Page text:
Pigs still can’t fly, but a chicken sandwich is set to reach the edge of space.
If all goes according to plan, the KFC Zinger sandwich will take off from an undisclosed location near Tucson in the next week or so and reach the stratosphere in a World View-manufactured Stratollite balloon.
While KFC’s interest is to promote a sandwich, World View says the deal will help finance development of the unmanned balloon, which can be steered and made to hover over a particular spot on Earth for extended periods of time at a much lower cost than other technologies, according to a company spokesman.
Among the many non-fast-food applications for the technology are remote sensing, facilitating communications, studying weather and detecting wildfires, according to spokesman Andrew Antonio.
The trip, which is planned to last up to four days and be broadcast live, will also represent the longest mission for a Stratollite balloon to date. Other recent trips have lasted 12 hours or less.
At the end, the sandwich will descend back to Earth, along with telemetry data. Trips with more scientific payloads are planned before the end of the year.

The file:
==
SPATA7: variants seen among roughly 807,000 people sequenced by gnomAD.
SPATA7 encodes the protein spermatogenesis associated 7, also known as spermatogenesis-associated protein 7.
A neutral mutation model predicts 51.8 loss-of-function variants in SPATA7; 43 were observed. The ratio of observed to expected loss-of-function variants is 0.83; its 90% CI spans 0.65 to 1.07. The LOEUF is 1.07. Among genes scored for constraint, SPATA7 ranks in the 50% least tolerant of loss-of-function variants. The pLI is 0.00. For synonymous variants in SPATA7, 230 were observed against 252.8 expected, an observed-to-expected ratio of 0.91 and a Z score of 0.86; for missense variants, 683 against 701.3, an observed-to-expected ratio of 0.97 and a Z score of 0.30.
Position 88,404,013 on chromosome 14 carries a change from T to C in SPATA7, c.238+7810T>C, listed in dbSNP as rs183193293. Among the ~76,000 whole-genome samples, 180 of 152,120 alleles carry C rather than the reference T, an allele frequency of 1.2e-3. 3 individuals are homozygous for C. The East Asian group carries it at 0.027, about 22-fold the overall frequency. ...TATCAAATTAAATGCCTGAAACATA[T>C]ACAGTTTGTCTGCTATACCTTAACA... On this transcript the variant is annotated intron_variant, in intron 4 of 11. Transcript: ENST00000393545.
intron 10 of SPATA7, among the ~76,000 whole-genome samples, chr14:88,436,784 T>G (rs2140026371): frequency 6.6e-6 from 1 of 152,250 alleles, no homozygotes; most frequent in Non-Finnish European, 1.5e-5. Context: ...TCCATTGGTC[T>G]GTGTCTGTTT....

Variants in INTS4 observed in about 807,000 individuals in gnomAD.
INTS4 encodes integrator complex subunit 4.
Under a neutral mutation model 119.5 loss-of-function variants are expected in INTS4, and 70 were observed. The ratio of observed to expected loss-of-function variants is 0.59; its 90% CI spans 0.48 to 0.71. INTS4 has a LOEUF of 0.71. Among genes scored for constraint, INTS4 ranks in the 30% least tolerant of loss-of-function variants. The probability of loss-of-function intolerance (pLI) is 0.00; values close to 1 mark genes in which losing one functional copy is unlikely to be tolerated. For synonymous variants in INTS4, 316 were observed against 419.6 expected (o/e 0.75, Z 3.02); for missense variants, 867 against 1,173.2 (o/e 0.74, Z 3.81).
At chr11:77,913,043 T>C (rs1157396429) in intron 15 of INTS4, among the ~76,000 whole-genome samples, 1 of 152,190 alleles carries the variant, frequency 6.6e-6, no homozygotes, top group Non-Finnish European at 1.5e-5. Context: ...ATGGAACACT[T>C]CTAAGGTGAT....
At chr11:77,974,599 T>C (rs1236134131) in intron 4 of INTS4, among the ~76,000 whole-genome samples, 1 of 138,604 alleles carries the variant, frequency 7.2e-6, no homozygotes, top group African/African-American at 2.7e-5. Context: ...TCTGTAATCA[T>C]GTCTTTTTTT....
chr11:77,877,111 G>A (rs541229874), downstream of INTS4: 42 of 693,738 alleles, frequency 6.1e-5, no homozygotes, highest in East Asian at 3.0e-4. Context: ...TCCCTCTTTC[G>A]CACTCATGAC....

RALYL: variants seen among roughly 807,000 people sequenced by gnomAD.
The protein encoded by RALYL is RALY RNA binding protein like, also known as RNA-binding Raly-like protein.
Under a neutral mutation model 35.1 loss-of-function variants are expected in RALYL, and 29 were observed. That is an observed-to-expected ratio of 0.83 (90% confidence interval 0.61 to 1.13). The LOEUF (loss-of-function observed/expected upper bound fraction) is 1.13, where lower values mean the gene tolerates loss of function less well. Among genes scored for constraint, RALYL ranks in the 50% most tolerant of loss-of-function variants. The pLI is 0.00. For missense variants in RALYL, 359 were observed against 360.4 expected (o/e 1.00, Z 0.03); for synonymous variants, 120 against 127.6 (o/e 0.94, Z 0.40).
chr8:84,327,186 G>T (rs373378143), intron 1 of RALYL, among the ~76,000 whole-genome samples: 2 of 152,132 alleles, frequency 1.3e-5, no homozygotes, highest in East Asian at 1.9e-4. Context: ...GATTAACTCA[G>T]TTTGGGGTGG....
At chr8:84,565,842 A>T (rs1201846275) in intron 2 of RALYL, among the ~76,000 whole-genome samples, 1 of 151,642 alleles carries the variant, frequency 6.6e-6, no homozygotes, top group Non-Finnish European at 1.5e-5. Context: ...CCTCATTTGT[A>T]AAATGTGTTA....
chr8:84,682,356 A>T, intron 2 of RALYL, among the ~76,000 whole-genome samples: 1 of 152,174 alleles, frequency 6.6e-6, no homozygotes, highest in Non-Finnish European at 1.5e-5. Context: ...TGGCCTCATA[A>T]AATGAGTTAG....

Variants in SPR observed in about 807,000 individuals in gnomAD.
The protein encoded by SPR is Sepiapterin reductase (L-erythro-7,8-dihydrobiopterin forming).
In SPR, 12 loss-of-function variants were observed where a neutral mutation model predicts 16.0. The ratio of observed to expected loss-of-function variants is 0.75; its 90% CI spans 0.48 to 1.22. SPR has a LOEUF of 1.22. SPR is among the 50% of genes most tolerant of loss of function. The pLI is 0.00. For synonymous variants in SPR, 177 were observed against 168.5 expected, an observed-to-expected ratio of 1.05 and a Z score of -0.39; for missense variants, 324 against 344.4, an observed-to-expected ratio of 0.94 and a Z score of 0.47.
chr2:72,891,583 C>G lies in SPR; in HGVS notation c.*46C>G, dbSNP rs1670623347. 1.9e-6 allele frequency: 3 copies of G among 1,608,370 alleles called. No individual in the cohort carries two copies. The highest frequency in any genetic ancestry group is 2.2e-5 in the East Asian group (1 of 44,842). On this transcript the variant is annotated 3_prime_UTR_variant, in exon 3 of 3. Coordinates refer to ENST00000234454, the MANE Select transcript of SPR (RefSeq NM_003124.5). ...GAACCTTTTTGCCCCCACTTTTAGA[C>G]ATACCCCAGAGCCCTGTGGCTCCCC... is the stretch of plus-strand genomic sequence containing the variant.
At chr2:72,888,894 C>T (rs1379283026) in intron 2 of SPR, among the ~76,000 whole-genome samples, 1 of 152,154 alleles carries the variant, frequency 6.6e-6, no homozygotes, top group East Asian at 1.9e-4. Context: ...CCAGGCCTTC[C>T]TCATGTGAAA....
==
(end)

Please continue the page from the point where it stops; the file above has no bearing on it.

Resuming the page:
“Sure, this whole chicken sandwich payload is a bit funny,” said World View co-founder Taber MacCallum in a press release. “But, KFC gets to embark upon a one-of-a-kind marketing experiment, while we get to pursue our first multi-day shakedown cruise in the stratosphere. It’s a win for all.”
Chuck Huckelberry, administrator of Pima County, which financed and built the company’s headquarters south of the Tucson airport, said that even though the soon-to-launch payload is less than serious, the partnership was “smart business” on the part of World View because it raises the profile of the company and highlights its capabilities.
“I don’t care who pays them,” he added. “KFC, McDonald’s or anybody else. Or the federal government for defense contracts or scientific research coming from universities.”
World View’s Tucson headquarters and launch pad were built last year with $15 million in county-issued debt, a deal that is the subject of an ongoing lawsuit.
The company will pay that amount and then some over the course of a 20-year lease agreement with the county, the terms of which set rental rates in early years below market rates before rising incrementally above market rates, according to county documents.